[Left to right: Natália Madeira, Ana Drumond, Rosalina Fonseca]
Natália Madeira, PhD Student from the from Cellular and Systems Neurobiology Lab led by Rosalinda Fonseca, published an article in the journal Cerebral Cortex entitled "Temporal Gating of Synaptic Competition in the Amygdala by Cannabinoid Receptor Activation " (full article here).
In brief, Rosalina Fonseca talks about this article:
What were you trying to understand and what is the main discovery of this work?
We know that memories evolve in time, in a very dynamic fashion. Consider this example: when one eats a candy bar, we expected to be good due to prior experiences. If it is not, then the brain is faced with a conflict. Should one update the prior information and render all candy bars as bad? Or should we store this particular event as unique and consider that this particular candy bar is not good? Or simply forget that we have ever tasted a bad candy bar? This may seem simple questions, but we do not know the rules that determine whether information is lost, updated or stored in a separate event. Given that single neurons, the unitary elements of neuronal networks, are already capable of making such decisions, in this work, we set out to determine the rules by which events occurring at particular neuronal connections, called synapses, interact with prior information, that is, with prior synaptic events. Our goal was to set out a conceptual model that could be predictive of one’s behavior when faced with conflicting information.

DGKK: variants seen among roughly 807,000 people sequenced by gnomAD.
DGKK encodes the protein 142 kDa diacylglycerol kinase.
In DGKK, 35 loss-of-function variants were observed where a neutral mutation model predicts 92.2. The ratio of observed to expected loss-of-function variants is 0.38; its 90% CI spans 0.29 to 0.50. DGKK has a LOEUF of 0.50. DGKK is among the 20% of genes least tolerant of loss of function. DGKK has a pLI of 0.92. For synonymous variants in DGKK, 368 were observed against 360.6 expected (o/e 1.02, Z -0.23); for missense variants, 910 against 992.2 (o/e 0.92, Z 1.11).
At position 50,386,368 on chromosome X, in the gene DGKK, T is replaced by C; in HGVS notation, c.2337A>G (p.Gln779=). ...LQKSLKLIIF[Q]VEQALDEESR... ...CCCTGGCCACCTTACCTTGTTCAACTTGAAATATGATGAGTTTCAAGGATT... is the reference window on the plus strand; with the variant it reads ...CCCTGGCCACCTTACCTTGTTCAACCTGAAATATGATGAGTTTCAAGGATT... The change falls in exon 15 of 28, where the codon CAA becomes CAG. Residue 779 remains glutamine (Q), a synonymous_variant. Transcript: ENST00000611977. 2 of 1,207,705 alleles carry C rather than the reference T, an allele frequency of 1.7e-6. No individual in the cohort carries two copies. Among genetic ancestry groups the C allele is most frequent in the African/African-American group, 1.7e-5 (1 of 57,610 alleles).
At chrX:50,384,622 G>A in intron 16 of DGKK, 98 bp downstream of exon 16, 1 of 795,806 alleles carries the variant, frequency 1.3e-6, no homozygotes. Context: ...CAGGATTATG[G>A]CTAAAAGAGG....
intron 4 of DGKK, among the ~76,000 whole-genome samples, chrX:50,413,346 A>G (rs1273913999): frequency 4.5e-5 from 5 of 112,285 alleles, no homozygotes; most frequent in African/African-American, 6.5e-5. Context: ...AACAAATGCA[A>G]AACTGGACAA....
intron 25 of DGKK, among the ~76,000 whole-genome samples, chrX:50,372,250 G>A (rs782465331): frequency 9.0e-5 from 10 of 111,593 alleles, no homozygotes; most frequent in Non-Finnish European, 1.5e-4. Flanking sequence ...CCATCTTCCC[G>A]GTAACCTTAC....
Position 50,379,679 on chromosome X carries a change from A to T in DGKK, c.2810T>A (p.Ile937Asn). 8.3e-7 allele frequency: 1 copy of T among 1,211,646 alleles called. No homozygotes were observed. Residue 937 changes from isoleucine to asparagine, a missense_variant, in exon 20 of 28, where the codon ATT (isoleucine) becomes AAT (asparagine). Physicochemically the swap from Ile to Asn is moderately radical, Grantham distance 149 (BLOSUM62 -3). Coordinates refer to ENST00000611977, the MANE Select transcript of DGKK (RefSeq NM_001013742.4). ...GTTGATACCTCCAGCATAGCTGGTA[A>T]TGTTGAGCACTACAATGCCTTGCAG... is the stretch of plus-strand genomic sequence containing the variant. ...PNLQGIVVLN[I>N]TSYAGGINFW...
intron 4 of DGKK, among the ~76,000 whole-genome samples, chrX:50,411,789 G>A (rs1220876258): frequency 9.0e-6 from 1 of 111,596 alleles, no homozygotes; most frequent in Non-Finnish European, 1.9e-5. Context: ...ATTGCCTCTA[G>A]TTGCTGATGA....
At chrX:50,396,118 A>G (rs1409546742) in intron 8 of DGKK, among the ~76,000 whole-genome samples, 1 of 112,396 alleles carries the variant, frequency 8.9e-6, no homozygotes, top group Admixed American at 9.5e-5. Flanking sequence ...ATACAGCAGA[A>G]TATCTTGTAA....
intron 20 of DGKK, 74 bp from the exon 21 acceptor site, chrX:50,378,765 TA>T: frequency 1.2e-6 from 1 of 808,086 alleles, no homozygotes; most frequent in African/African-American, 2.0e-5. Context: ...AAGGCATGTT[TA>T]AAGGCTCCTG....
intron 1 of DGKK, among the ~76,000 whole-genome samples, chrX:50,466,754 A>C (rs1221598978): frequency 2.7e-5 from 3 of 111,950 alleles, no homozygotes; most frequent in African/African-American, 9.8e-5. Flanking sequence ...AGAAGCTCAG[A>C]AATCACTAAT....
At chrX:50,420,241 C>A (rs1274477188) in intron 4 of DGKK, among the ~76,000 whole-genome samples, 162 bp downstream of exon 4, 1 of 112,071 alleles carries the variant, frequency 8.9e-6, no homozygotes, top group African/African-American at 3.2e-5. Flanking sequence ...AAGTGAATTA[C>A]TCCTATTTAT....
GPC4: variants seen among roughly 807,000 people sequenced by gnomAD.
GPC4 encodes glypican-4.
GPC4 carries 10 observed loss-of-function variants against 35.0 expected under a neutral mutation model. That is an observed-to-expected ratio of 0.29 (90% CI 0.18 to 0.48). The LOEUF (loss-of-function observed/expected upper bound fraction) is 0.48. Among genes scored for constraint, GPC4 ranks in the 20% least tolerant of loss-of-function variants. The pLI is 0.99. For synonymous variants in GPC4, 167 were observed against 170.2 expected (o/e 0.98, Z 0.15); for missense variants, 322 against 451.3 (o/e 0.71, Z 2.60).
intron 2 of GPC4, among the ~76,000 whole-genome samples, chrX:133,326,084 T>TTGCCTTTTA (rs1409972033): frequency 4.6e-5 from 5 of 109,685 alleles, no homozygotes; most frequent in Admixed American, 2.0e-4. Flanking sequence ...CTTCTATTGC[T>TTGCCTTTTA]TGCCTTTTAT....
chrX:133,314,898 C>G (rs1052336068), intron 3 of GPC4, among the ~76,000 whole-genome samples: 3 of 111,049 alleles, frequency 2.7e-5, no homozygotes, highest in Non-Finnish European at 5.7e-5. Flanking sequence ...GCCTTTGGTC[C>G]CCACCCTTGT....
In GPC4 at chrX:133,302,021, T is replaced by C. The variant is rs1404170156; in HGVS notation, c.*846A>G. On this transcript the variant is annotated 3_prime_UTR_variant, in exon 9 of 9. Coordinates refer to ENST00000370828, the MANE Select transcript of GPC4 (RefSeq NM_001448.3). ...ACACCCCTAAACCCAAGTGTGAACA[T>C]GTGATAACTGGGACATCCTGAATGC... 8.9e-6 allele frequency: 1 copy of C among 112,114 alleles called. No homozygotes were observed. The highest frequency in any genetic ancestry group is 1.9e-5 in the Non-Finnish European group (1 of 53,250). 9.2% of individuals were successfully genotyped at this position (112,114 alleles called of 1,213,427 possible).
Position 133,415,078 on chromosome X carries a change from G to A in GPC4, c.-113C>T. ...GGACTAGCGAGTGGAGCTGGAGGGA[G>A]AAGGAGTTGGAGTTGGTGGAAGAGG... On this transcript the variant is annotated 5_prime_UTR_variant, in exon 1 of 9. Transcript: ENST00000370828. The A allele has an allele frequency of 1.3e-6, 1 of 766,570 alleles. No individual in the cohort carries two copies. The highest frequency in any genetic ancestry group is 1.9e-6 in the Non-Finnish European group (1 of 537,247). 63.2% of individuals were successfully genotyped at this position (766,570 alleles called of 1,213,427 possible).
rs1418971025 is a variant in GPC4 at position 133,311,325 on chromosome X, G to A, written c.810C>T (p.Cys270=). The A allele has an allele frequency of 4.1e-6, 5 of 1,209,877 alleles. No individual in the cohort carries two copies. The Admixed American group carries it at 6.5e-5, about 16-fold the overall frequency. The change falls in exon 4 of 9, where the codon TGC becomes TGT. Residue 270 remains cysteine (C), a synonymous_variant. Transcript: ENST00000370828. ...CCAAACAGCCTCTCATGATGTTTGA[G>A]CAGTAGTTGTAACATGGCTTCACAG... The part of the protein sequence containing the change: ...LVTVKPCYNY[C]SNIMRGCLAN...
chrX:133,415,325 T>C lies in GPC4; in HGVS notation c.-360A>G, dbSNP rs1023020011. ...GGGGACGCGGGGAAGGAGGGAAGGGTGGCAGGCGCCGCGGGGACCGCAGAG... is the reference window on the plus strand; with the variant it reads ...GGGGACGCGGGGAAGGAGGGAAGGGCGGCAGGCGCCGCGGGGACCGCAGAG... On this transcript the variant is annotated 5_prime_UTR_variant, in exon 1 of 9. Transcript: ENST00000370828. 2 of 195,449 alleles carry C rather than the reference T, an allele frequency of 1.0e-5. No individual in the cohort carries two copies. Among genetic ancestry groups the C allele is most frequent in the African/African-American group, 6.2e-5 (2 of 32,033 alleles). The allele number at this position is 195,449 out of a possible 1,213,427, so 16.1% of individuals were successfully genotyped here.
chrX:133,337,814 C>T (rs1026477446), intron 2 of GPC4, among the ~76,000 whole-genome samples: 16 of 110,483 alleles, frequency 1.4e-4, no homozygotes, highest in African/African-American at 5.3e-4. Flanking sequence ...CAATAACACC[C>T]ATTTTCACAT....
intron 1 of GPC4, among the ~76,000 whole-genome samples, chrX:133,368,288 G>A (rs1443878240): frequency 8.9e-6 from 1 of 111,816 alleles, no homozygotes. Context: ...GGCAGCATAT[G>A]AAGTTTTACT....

What discoveries led you to the research described in your publication?
We looked at individual neurons and recorded their responses to particular stimulation patterns. We found a fundamental role of time in association or discrimination of separate events and that the sequence of events is also important.
Why is this important?
Building on our cellular information we have now a detailed model that we can test at the behavioral level. And that is exactly what we are doing! We can now know whether the time interval between bad and good events determine whether they will get associated or discriminated. Going back to candy bars, our aim is to understand how a bad and a good candy bar get discriminated. We have also built some insights regarding the molecular players that may be key determinants in associating or discriminating memories.
What questions remain to be asked?
Of course, our final goal is to be able to prevent over generalization of fear, a pathological setting in which subjects are no longer able to distinguish bad from neutral or good events. This is exactly what happens in post-traumatic stress disorder. If we understand how events get associated in time, and the molecular players involved in this generalization we can prevent the progression of post-traumatic stress disorders as well as revert it once it has been established.
This article has been recommended in Faculty Opinions as being of special significance in its field by Faculty Member Sajikumar Sreedharan. Read Dr Sreedharan's recommendation here.
Find out more about Cellular and Systems Neurobiology Lab.